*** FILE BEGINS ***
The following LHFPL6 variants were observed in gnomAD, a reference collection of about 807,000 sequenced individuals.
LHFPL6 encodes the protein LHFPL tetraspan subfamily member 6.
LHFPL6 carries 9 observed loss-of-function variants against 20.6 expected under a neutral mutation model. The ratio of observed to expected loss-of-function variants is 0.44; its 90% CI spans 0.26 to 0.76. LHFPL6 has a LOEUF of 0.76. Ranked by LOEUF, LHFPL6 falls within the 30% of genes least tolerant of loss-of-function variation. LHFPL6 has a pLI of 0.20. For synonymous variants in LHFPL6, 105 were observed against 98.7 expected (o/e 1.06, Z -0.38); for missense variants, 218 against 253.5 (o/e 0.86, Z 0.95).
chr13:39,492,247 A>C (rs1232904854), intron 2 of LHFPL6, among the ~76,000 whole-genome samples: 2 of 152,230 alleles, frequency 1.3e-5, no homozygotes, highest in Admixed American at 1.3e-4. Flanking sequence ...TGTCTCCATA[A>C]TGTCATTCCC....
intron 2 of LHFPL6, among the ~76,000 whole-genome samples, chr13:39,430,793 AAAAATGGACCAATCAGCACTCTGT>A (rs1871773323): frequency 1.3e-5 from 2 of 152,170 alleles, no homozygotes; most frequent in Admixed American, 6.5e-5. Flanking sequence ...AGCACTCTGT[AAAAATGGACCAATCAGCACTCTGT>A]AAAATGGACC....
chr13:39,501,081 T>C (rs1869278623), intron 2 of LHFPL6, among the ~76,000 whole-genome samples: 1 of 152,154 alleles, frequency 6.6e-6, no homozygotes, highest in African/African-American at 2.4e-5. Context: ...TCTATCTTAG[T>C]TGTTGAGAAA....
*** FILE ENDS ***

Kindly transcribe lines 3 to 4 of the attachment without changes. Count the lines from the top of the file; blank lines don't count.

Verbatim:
LHFPL6 carries 9 observed loss-of-function variants against 20.6 expected under a neutral mutation model. The ratio of observed to expected loss-of-function variants is 0.44; its 90% CI spans 0.26 to 0.76. LHFPL6 has a LOEUF of 0.76. Ranked by LOEUF, LHFPL6 falls within the 30% of genes least tolerant of loss-of-function variation. LHFPL6 has a pLI of 0.20. For synonymous variants in LHFPL6, 105 were observed against 98.7 expected (o/e 1.06, Z -0.38); for missense variants, 218 against 253.5 (o/e 0.86, Z 0.95).
chr13:39,492,247 A>C (rs1232904854), intron 2 of LHFPL6, among the ~76,000 whole-genome samples: 2 of 152,230 alleles, frequency 1.3e-5, no homozygotes, highest in Admixed American at 1.3e-4. Flanking sequence ...TGTCTCCATA[A>C]TGTCATTCCC....